Okay. And then you got 1 question already on the multiples you might pay for acquired companies and how that could be impacted by the decline in public company multiples. Maybe the flip side of that question, has there been -- I mean, there has been, at least like a relative rotation, right, from growth value in the public markets this year. So with slower growth companies that are generating a healthy margin and cash flow is now similar to those you're looking to dispose benefiting relative to the currently unprofitable high-growth companies whose cash inflows are in the future, like similar to those you're looking to buy.

So might you benefit from both ends because of this rotation? Or what has been the appetite for some of the businesses that you're shopping? Are you -- how are you thinking about the value of some of these businesses now versus, I don't know, maybe like a year from now after the industry has continued to claw back some of the volume from the chip shortage, et cetera?

Kevin Nowlan

We'll see. I think just as you alluded to there at the end of your question, I think it's really going to be dependent on a more stable end market environment. So undoubtedly, the end markets inform buyers and sellers as to how to think about valuation. I'll tell you in this market right now with the choppiness we're seeing and the volatility and only an 80 million unit global end market that we're projecting at the moment, it makes things a little bit more challenged on the disposition side.

But we'll see how things progress from here because I think as market conditions stabilize. And if there's continued rotation toward more value-related investments, maybe that will be a tailwind, but we'll see. Our focus is on executing our strategic plans, controlling what we can control and making sure we get good value for the assets that we dispose of.

Operator

And your next question comes from the line of Luke Junk with Baird.

Luke Junk

Fred, hoping we could start with a big picture question this morning, and it's some project, Charging Forward. Looking back on when you first outlined the company's current strategy about a year ago now. How does where the company stands today compared to your initial expectations on all 3 of the major fronts: organic bookings, which clearly look to be above expectations, M&A and the asset positions. Where are you ahead of expectations? And is there anywhere that you're not? And if not, what's driving that?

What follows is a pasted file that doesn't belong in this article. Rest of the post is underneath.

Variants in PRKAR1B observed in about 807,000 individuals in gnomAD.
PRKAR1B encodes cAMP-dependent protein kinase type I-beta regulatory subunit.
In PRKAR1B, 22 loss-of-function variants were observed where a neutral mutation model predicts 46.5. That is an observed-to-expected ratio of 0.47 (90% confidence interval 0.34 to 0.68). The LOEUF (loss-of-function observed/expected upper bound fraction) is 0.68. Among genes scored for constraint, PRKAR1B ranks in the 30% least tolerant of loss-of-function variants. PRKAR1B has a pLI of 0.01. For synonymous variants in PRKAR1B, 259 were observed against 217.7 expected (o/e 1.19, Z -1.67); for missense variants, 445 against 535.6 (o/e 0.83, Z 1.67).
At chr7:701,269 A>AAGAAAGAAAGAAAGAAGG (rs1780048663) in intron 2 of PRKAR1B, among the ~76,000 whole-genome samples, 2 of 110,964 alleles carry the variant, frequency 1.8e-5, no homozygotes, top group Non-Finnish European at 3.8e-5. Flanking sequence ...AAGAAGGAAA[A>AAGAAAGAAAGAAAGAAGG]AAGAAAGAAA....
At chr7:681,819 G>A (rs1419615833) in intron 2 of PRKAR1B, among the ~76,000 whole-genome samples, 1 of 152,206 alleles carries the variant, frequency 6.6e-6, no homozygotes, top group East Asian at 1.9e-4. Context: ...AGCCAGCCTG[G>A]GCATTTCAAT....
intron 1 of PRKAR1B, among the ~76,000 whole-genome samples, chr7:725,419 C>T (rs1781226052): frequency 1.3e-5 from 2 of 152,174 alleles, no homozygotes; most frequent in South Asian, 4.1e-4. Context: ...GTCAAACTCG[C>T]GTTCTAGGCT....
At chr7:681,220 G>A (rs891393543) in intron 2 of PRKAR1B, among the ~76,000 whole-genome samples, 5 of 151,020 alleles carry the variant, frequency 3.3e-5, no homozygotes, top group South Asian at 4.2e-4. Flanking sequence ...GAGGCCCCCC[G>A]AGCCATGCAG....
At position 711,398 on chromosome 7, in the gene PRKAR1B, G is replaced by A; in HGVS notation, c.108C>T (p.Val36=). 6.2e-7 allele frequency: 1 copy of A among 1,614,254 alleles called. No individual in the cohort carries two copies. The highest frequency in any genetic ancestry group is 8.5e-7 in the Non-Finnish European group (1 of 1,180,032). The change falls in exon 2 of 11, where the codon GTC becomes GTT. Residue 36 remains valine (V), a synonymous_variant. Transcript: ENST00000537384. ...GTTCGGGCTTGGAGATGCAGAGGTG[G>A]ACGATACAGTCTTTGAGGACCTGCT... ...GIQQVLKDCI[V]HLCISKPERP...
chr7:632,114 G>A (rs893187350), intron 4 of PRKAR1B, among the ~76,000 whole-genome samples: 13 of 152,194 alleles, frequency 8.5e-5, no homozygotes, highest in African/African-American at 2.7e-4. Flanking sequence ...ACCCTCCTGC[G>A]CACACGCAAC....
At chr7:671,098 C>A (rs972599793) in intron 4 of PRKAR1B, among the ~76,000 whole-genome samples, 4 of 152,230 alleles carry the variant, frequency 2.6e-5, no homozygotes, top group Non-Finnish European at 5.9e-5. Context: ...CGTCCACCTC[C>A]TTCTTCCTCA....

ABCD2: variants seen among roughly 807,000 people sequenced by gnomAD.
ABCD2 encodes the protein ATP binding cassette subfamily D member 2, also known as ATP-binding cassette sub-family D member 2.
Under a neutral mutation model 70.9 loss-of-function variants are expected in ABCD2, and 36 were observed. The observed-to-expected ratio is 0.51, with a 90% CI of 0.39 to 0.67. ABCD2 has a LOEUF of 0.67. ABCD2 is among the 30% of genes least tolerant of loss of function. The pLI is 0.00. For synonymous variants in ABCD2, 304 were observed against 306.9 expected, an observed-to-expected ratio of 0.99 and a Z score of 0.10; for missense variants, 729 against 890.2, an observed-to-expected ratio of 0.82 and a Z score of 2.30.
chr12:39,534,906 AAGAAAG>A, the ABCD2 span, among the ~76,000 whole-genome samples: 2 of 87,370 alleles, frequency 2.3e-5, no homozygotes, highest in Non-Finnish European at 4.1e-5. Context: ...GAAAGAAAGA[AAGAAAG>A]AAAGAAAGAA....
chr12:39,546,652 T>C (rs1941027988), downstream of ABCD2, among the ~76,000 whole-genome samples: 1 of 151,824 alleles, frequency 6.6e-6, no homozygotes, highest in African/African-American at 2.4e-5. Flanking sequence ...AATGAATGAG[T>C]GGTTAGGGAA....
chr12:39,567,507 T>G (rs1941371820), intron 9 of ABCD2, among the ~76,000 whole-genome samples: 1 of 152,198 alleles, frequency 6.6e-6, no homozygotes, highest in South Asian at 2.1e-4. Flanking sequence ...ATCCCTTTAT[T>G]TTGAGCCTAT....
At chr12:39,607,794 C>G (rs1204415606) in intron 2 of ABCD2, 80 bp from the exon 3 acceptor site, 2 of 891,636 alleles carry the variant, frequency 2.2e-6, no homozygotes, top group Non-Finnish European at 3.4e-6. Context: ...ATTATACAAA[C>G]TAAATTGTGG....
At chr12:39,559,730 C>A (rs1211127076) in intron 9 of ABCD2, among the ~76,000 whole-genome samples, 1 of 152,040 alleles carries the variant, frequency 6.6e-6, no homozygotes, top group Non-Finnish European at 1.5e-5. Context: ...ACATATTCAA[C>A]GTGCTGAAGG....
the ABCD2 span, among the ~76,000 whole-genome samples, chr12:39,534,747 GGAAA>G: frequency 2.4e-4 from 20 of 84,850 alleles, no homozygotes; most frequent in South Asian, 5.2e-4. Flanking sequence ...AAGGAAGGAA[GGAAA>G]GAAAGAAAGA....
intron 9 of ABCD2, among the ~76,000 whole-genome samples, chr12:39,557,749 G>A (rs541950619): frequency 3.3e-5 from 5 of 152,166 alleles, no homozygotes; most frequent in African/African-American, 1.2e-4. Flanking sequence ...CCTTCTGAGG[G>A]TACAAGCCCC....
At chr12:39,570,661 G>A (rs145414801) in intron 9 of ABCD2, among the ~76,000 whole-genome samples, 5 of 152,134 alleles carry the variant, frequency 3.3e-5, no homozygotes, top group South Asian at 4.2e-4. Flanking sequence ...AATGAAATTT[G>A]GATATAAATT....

Frederic Lissalde

I think we are on track. And personally, I'm fully focused on Charging Forward. And with the broader team, I think we're absolutely on track. We are ahead of organic bookings, and I'm very proud of that. I would say that our decentralized operating model allows me and a few others at the top of the house to really spend a lot of time charging forward. And I'm really excited to up our game on R&D with 45% of R&D on EV next year. I think it really, really validates the essence of using the cash that we generate and reinvesting it in the business with the traction that we have for all the e-products that we now have in our portfolio. I am happy with where we are just a year after or maybe less than a year after the announcement of Charging Forward.

Luke Junk

And then my follow-up question, can you just remind us now that the squeeze out process is completed at AKASOL, what the initial steps are as you're able to take a little more control?

Frederic Lissalde

I think, as Kevin alluded to before, we see some good prospects and the pipeline of growth is strong with that -- investments go with it. And we're not shy about investing for the future of battery pack technologies and battery pack product leadership. We are -- we have literally -- we are in-charge in last Thursday. So we're putting in place the different steps to run the company the way we would like it to be run.